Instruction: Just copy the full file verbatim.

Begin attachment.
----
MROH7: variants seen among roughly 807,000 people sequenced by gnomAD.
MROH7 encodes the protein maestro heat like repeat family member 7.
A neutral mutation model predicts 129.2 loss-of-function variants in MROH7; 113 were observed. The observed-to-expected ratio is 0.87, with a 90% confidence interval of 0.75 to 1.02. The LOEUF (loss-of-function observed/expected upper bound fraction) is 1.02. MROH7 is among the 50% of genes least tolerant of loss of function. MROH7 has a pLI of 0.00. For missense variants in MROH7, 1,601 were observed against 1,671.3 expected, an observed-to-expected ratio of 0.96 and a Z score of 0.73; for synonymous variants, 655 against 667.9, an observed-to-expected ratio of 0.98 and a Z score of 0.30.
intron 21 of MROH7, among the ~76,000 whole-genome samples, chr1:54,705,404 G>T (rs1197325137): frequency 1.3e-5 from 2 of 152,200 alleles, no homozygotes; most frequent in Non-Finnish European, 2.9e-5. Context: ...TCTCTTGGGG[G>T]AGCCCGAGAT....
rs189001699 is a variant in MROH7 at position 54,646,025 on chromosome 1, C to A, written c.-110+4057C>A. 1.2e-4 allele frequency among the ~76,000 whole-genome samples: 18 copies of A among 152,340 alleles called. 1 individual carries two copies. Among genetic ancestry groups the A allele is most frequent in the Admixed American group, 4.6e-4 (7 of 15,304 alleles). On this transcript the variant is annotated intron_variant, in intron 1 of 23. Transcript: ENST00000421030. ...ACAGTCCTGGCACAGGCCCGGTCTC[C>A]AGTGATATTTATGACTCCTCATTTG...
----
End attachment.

MROH7: variants seen among roughly 807,000 people sequenced by gnomAD.
MROH7 encodes the protein maestro heat like repeat family member 7.
A neutral mutation model predicts 129.2 loss-of-function variants in MROH7; 113 were observed. The observed-to-expected ratio is 0.87, with a 90% confidence interval of 0.75 to 1.02. The LOEUF (loss-of-function observed/expected upper bound fraction) is 1.02. MROH7 is among the 50% of genes least tolerant of loss of function. MROH7 has a pLI of 0.00. For missense variants in MROH7, 1,601 were observed against 1,671.3 expected, an observed-to-expected ratio of 0.96 and a Z score of 0.73; for synonymous variants, 655 against 667.9, an observed-to-expected ratio of 0.98 and a Z score of 0.30.
intron 21 of MROH7, among the ~76,000 whole-genome samples, chr1:54,705,404 G>T (rs1197325137): frequency 1.3e-5 from 2 of 152,200 alleles, no homozygotes; most frequent in Non-Finnish European, 2.9e-5. Context: ...TCTCTTGGGG[G>T]AGCCCGAGAT....
rs189001699 is a variant in MROH7 at position 54,646,025 on chromosome 1, C to A, written c.-110+4057C>A. 1.2e-4 allele frequency among the ~76,000 whole-genome samples: 18 copies of A among 152,340 alleles called. 1 individual carries two copies. Among genetic ancestry groups the A allele is most frequent in the Admixed American group, 4.6e-4 (7 of 15,304 alleles). On this transcript the variant is annotated intron_variant, in intron 1 of 23. Transcript: ENST00000421030. ...ACAGTCCTGGCACAGGCCCGGTCTC[C>A]AGTGATATTTATGACTCCTCATTTG...